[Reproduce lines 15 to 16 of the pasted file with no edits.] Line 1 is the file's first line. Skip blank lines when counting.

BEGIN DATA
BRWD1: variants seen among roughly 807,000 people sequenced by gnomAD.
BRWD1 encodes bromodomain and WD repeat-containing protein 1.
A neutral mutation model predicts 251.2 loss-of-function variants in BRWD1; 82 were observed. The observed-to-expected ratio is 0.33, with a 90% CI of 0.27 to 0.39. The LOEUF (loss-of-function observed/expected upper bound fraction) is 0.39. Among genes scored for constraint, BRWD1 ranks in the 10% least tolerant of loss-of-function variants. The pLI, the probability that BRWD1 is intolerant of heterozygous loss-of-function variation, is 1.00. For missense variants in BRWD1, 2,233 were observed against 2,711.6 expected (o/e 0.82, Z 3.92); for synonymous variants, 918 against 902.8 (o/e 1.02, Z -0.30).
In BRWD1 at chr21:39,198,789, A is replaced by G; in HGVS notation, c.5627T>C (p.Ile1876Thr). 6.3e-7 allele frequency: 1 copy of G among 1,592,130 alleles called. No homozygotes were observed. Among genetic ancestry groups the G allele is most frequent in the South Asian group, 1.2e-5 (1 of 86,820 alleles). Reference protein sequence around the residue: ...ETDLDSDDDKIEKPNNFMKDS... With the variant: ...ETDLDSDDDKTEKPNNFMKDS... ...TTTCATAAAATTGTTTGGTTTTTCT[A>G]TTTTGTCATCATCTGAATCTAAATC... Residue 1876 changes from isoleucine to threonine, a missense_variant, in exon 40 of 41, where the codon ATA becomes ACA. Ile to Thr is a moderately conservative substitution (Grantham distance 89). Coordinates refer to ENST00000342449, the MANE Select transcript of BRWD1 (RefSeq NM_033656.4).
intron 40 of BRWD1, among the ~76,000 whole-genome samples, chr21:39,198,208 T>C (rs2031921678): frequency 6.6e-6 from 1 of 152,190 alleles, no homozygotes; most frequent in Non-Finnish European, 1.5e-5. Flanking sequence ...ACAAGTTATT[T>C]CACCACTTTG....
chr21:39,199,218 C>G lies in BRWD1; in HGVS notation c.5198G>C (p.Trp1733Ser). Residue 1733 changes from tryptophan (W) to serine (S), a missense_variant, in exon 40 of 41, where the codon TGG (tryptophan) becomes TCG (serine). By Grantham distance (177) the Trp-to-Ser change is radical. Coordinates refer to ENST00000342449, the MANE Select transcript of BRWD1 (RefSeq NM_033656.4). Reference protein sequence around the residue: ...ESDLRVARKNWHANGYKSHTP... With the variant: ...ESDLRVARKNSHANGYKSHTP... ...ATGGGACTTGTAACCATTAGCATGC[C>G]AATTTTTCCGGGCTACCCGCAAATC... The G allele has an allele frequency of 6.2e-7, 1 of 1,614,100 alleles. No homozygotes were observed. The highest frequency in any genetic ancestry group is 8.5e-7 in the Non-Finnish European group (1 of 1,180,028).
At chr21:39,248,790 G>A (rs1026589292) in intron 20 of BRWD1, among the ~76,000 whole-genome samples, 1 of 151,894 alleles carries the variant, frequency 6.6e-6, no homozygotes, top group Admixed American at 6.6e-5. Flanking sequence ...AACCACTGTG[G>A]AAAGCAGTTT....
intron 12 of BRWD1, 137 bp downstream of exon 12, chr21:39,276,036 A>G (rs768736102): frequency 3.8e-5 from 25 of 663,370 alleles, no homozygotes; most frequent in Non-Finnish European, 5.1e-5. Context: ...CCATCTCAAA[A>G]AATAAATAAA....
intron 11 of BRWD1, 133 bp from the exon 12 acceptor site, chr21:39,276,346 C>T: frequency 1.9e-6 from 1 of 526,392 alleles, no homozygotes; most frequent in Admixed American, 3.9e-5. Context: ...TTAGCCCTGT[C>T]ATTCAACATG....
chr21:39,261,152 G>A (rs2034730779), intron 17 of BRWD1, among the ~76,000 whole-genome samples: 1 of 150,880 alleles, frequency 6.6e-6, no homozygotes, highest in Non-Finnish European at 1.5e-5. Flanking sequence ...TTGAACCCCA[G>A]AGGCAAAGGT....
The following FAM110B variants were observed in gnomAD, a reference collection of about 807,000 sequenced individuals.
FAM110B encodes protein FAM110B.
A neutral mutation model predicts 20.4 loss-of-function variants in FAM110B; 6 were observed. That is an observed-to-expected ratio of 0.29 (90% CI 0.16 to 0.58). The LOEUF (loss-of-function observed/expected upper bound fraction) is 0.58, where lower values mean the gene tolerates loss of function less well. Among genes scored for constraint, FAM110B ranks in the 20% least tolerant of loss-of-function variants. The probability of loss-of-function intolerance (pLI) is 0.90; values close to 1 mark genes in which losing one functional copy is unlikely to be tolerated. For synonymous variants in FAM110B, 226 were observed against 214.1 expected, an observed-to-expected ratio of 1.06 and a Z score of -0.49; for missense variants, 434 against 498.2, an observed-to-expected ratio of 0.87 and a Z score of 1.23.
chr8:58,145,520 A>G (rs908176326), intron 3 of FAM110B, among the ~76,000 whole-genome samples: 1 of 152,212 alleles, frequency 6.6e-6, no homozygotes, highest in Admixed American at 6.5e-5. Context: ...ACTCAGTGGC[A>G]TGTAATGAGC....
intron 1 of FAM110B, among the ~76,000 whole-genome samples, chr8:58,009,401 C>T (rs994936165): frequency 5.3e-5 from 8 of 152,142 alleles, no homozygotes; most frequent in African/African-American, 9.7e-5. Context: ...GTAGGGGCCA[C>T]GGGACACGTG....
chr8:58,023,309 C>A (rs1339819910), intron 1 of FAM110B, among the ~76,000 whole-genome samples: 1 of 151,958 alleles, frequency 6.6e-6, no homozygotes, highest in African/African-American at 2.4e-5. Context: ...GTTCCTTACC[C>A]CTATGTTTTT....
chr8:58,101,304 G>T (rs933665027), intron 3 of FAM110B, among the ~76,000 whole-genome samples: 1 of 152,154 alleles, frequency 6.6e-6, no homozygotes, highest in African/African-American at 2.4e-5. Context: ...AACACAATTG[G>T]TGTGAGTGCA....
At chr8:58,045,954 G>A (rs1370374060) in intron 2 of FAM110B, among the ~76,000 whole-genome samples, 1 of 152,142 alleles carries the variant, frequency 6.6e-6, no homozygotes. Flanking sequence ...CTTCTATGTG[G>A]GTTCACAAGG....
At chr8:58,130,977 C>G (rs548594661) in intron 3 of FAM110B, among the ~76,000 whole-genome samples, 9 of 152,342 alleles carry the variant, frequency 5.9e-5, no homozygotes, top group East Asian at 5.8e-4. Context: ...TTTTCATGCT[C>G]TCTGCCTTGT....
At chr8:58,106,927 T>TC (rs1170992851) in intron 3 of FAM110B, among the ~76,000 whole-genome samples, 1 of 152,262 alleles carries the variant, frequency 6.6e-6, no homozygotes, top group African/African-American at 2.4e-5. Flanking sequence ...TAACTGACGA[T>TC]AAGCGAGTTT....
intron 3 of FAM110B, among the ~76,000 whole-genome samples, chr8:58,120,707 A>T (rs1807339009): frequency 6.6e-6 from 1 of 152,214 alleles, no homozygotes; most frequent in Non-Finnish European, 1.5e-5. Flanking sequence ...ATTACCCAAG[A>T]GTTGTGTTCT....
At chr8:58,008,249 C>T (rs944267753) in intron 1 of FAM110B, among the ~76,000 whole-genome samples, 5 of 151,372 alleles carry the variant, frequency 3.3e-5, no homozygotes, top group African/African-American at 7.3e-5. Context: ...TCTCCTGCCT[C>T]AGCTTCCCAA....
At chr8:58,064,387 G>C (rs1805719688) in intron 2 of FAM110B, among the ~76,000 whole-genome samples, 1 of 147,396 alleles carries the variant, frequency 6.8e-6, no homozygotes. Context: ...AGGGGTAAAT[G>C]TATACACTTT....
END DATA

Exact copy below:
intron 1 of FAM110B, among the ~76,000 whole-genome samples, chr8:58,009,401 C>T (rs994936165): frequency 5.3e-5 from 8 of 152,142 alleles, no homozygotes; most frequent in African/African-American, 9.7e-5. Context: ...GTAGGGGCCA[C>T]GGGACACGTG....
chr8:58,023,309 C>A (rs1339819910), intron 1 of FAM110B, among the ~76,000 whole-genome samples: 1 of 151,958 alleles, frequency 6.6e-6, no homozygotes, highest in African/African-American at 2.4e-5. Context: ...GTTCCTTACC[C>A]CTATGTTTTT....